Kaylee's prognosis not good, father says

Two-month-old Kaylee Wallace's health remains precarious and she could teeter on the brink of life and death for weeks, even months, her father said Thursday afternoon.

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Kaylee Wallace suffers from a rare brain abnormality that could cause her to stop breathing, but she continued to do so after she was removed from a respirator on Tuesday. ((Family photo/Canadian Press))

Two-month-old Kaylee Wallace's health remains precarious and she could teeter on the brink of life and death for weeks, even months, her father said Thursday afternoon.

"The prognosis is not good," Jason Wallace said outside the Hospital for Sick Children after a 45-minute meeting with doctors.

"They don't [know] one way or another whether she's going to live or whether she's going to die. All they keep saying is she's deteriorating."

Wallace and Kaylee's mother, Crystal Vitelli, had offered their daughter's heart to save the life of another seriously ill infant at the hospital.

While they would like to take Kaylee home, hospital may be the best place for her so she gets the complex care she needs and also because if she dies, a heart transplant can still take place immediately, said Wallace.

"It's still a very key factor to this, that there still is a very sick little girl needing a heart and our daughter is still borderline in where she's deciding to go."

Wallace acknowledged he and his wife have waded into an ethical minefield.

"I think the people that are questioning what we're doing should be in our shoes first to understand what we're doing," he said.

"To suggest that I would try to kill my daughter at the bedside is ridiculous," he added, referring to a newspaper columnist.

Kaylee, from Bradford, Ont., suffers from Joubert syndrome, an extremely rare brain abnormality that could cause her to stop breathing during sleep.

The condition comes in a variety of severities but doctors believe she suffers from one of the most severe cases and she is under 24-hour care in an intensive-care nursery at the hospital.

'This is about wanting our child to live'

Speaking to reporters outside the hospital shortly after the interview, an emotional Wallace said the couple is just trying to provide the "best life we can for our daughter."

He also hit out at what he felt was an unfair perception of the couple over their efforts to have Kaylee's heart save someone else's life.

"There's frustration now and anger actually from us that the public's judging us, thinking we want our daughter to die in some way, that we're trying to be media spotlight people — we're not," he said.

"To feel like we're being judged by the public now is just a devastating toll on us even further because this is about wanting our child to live."

The baby was not connected to oxygen on Thursday morning, though she was being placed on a reserve to help her when her breathing stops, Vitelli said.

Kaylee hyperventilated and stopped breathing for up to 30 seconds several times overnight, Wallace said.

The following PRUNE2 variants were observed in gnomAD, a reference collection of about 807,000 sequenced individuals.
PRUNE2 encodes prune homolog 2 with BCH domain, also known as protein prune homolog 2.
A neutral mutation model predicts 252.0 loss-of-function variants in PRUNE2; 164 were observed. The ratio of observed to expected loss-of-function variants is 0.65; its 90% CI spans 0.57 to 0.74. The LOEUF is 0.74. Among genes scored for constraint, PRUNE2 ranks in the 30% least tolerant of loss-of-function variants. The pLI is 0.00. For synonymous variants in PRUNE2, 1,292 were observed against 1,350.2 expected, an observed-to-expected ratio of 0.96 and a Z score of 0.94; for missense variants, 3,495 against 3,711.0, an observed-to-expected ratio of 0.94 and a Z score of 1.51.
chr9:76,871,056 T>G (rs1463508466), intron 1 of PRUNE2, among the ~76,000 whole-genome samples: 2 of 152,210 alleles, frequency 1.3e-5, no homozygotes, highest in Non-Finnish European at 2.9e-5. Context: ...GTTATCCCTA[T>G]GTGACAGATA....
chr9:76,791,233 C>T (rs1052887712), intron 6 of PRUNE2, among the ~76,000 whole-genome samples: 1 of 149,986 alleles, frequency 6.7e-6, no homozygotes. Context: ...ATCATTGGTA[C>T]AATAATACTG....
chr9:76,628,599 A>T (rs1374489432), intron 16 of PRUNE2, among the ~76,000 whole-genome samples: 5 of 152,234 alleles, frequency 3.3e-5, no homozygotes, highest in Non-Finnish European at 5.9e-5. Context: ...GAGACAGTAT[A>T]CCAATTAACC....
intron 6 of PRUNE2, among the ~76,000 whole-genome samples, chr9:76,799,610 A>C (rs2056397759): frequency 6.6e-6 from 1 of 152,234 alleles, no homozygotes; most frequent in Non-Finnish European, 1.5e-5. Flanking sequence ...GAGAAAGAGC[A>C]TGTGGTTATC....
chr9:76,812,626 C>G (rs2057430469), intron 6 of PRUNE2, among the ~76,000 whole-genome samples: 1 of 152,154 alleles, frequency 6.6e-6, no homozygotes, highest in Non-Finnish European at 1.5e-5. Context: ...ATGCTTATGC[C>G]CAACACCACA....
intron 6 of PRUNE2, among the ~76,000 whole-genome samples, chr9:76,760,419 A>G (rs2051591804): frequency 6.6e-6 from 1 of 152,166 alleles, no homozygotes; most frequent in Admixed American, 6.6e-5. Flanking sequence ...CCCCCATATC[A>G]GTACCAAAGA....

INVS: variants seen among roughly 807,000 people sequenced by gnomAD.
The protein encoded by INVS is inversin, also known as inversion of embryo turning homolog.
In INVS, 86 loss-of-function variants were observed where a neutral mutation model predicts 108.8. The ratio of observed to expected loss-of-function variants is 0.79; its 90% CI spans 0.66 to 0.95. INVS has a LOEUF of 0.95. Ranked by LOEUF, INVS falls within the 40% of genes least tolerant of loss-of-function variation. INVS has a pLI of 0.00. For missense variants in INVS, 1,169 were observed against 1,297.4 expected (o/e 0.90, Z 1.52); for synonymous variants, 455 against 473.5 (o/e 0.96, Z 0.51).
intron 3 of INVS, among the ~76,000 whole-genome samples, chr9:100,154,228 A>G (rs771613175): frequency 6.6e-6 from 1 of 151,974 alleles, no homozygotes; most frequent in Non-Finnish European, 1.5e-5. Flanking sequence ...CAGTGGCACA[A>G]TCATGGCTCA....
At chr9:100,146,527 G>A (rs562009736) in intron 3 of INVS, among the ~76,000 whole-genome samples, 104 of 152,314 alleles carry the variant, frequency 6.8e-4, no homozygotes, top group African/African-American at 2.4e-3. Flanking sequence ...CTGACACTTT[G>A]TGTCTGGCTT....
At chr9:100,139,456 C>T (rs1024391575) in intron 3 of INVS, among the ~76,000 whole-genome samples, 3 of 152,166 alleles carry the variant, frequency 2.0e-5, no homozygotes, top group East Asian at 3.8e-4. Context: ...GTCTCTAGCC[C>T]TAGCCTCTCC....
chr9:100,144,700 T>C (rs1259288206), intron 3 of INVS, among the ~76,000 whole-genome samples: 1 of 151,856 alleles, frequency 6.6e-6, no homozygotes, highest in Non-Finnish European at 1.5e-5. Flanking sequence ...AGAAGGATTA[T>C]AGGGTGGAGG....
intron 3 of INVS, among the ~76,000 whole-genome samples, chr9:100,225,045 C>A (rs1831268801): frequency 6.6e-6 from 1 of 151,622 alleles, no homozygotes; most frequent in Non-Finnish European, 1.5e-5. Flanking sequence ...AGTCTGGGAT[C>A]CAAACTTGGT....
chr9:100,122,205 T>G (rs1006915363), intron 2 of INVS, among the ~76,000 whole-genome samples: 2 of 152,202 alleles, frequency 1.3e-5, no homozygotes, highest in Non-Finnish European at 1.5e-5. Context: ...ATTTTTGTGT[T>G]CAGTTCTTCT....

The other baby, Lily O'Connor of P.E.I., who was born March 9 with a rare form of congenital heart disease that leaves her blood short of oxygen, is still waiting in the same Toronto hospital for an available heart.

Child may require kidney transplant

Wallace said though his infant daughter is a fighter and "holding her own," he doesn't see her condition as stable.

"I would say if you have a child who continues to stop breathing there is a significant chance that that's a threat to her life," Wallace said. "I would say that if she was stable, you could take her home."

Wallace said the family is exploring options to take Kaylee home.

"If she goes home it will be on the basis of palliative comfort care," he said.

Kaylee will need 24-hour care if she is sent home, Vitelli said. Out of the hospital, the baby would still require monitors, oxygen, a respirator machine and a feeding pump.

Kaylee also has thousands of cysts in her kidneys and may require a transplant by the time she is two, if she survives.

"We have no fears of the disability that Kaylee would face moving forward," Wallace said. "I'm prepared to deal with my daughter — with the issues — if we can get her home."

Vitelli said the family doesn't want Kaylee to suffer.

"That's absolutely what we do not want to be faced with," Wallace said.

Kaylee's breathing patterns could eventually lead to seizure behaviour due to damaged cells in the brain related to the changing oxygen levels, he said. The seizures could cause the baby pain, he added.

Donation still an option

Wallace said the family still would like to donate their baby's heart if Kaylee does die.

"We don't want to lose the organ and it's not damaged in any way, shape or form," he said.

Kaylee was expected to die on Tuesday night, and surgical teams were on standby to perform a risky procedure known as death cardiac donation to harvest her heart and transplant it into one-month-old Lily.

The operation was called off after Kaylee stayed awake during the one-hour window in the operating room.

She has stopped breathing as many as 100 times in an hour and there is only so long the human body can sustain that pattern, Wallace said.

"Unless they can figure out how to fix the breathing, at some point in time she will pass away; that's a reality," he said.

The family is getting advice and opinions from doctors around the world, Wallace said.

"We would love our daughter to survive and we're following the experts," he said.